The collaborators propose a new term, mapranosis, to describe the process of microbiota-associated proteopathy and neuroinflammation, where proteopathy refers to disease processes involving altered protein structures. Given the increasing evidence of relationships between microbiota and amyloid pathology, wider multidisciplinary metaproteomic studies of endogenous microbial amyloids could provide actionable information for future interventional strategies.

Researchers at the University of Louisville have identified potential areas of interaction between amyloid-producing bacteria and the gut. [This figure, which originally appeared in PLoS Pathogens (2017 Dec 21; 13(12): e1006654. DOI: 10.1371/journal.ppat.1006654), is reproduced here with the permission of paper’s authors, Robert P. Friedland and Matthew R. Chapman.]

Metabolomic Signatures Predict Host Response

“Our goal is to develop and sustain enabling technologies and processes for comprehensive and reproducible mapping of metabolic changes,” says Luke Miller, Ph.D., vice president of operations at Metabolon. “If the metabolic change is induced by perturbations in gut microbiota, we should be able to detect it with sufficient precision to produce actionable information for each individual.”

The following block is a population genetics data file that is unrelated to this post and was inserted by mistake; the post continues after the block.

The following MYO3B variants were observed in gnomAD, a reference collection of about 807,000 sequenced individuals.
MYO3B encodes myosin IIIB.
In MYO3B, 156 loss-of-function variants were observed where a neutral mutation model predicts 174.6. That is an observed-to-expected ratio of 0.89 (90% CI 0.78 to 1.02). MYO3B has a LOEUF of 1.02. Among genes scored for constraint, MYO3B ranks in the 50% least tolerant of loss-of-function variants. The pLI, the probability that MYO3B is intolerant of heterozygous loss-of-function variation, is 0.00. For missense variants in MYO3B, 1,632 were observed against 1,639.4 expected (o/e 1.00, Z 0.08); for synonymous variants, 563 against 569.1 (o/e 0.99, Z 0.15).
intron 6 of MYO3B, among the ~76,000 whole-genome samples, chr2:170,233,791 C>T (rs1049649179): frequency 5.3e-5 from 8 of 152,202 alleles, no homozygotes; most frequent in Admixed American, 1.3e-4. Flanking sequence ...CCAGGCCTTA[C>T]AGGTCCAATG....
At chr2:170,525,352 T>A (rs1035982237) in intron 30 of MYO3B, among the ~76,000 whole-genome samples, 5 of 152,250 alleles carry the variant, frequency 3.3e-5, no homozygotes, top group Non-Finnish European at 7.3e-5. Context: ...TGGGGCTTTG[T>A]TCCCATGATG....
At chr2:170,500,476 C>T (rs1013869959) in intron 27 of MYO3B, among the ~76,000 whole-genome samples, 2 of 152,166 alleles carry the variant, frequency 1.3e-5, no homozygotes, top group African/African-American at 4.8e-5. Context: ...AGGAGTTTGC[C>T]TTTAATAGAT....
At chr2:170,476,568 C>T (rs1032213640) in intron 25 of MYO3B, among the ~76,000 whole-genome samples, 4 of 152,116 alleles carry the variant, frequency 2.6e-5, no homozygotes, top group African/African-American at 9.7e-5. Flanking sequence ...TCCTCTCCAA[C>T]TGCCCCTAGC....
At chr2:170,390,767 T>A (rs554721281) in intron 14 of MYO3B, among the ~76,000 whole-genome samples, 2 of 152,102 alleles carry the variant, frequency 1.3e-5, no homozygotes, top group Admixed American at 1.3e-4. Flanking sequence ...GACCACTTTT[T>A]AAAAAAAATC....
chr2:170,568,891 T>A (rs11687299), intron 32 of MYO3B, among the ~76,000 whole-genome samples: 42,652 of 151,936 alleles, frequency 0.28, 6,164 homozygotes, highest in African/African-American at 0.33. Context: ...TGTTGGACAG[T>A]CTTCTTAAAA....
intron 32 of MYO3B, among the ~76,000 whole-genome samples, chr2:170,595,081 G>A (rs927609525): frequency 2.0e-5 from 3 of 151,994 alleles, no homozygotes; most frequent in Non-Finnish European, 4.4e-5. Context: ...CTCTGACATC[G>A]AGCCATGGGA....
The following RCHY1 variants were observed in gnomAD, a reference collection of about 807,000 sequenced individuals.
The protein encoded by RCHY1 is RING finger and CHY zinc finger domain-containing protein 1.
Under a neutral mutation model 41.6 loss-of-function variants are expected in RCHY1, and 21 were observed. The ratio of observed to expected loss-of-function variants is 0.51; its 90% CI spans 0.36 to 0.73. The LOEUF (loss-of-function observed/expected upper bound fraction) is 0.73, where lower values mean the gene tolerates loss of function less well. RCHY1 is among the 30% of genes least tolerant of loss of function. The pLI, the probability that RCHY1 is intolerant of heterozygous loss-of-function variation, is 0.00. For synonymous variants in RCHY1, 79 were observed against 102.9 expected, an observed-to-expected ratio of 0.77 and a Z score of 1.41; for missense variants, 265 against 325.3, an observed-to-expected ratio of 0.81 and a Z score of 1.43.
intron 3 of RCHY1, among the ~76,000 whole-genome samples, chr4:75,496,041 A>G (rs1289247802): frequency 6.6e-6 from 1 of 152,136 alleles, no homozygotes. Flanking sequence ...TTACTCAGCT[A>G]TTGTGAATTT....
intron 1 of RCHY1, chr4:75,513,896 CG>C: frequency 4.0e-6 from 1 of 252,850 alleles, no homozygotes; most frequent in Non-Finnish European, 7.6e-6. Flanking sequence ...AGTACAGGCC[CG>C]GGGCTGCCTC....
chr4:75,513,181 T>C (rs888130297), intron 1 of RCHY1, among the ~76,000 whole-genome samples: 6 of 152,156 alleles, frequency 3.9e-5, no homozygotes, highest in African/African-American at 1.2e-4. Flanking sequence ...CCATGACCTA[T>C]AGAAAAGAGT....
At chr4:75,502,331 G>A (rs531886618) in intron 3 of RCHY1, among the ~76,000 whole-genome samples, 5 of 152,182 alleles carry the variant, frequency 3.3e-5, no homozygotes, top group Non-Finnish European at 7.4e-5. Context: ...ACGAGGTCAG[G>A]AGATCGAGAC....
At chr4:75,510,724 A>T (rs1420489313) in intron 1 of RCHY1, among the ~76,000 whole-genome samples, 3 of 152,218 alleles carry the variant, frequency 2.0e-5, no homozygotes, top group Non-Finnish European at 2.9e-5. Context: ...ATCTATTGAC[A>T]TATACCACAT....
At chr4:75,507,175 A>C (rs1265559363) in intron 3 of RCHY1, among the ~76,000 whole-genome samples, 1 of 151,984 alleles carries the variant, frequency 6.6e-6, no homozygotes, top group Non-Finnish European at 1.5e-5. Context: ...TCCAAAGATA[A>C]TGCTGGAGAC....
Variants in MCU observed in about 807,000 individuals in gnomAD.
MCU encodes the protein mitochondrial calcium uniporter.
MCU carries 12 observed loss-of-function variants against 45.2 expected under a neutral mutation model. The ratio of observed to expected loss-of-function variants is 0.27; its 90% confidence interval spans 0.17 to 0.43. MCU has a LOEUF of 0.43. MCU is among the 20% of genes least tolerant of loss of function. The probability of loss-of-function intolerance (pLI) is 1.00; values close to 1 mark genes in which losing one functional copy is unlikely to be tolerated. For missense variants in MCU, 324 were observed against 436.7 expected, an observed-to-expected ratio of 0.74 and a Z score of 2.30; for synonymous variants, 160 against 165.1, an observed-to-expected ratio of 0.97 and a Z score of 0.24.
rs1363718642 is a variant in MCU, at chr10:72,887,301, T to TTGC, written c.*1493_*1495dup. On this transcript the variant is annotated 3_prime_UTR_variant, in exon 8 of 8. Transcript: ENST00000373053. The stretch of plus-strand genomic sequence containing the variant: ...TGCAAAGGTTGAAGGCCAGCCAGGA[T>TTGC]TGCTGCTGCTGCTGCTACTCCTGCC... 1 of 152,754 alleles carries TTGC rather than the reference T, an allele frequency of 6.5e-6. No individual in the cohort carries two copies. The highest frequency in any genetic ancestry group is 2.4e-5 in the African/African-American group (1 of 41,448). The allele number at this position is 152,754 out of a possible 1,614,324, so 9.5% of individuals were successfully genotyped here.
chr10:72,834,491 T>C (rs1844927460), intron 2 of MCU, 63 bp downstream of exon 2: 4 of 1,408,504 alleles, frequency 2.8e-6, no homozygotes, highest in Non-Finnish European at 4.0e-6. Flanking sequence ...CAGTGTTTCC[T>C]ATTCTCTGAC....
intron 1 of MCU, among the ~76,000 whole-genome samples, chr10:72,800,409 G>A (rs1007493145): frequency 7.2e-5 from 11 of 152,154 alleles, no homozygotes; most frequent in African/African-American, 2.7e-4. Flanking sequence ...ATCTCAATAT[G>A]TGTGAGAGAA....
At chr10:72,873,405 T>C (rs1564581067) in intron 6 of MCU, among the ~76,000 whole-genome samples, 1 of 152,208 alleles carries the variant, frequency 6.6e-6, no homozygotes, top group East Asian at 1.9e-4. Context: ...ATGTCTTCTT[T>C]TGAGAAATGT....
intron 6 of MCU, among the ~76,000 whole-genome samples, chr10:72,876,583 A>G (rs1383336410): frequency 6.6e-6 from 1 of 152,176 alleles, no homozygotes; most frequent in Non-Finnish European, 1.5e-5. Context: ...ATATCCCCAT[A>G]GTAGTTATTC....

Metabolon is one of the few metabolic profiling companies capable of “Tier1” validation, defined by the Metabolomic Society as the highest level of rigor and confidence in compound identification. According to the company, Metabolon is capable of analyzing nearly 350 types of samples via the standardized process. Data acquisition is performed in parallel on four combinations of ultra-high-performance liquid chromatography and mass spectometry.

Combined with comprehensive bioinformatics tools, the analysis pathway routinely yields 1,000–2,000 validated metabolites. “Multiple biomarkers pinpoint the affected pathway with greater precision,” explains Dr. Miller. Metabolon technologies are well positioned to analyze spontaneous changes in gut microbiome.

Of approximately 250 microbe-specific metabolites, 50–80 routinely appear in plasma. “A collaborative project with Weizmann Institute of Science in Rehovot, Israel, tackled an intractable problem of post-dieting weight gain,” continues Dr. Miller. Many dieting individuals fail to maintain a long-term weight loss, and instead undergo repeated weight regain/loss cycles, known as the “yo-yo effect.” The study identified a metabolomics signature attributed to the intestinal microbiome that persisted after dieting and contributed to faster weight regain in laboratory mice. Specifically, flavonoids remained persistently suppressed after weight loss.

“Metabolomics is a pragmatic tool for understanding and affecting microbiome–host interplay,” says Dr. Miller. “Our analysis suggested that flavonoid supplementation could aid in breaking the yo-yo cycle and in resisting secondary weight gain.”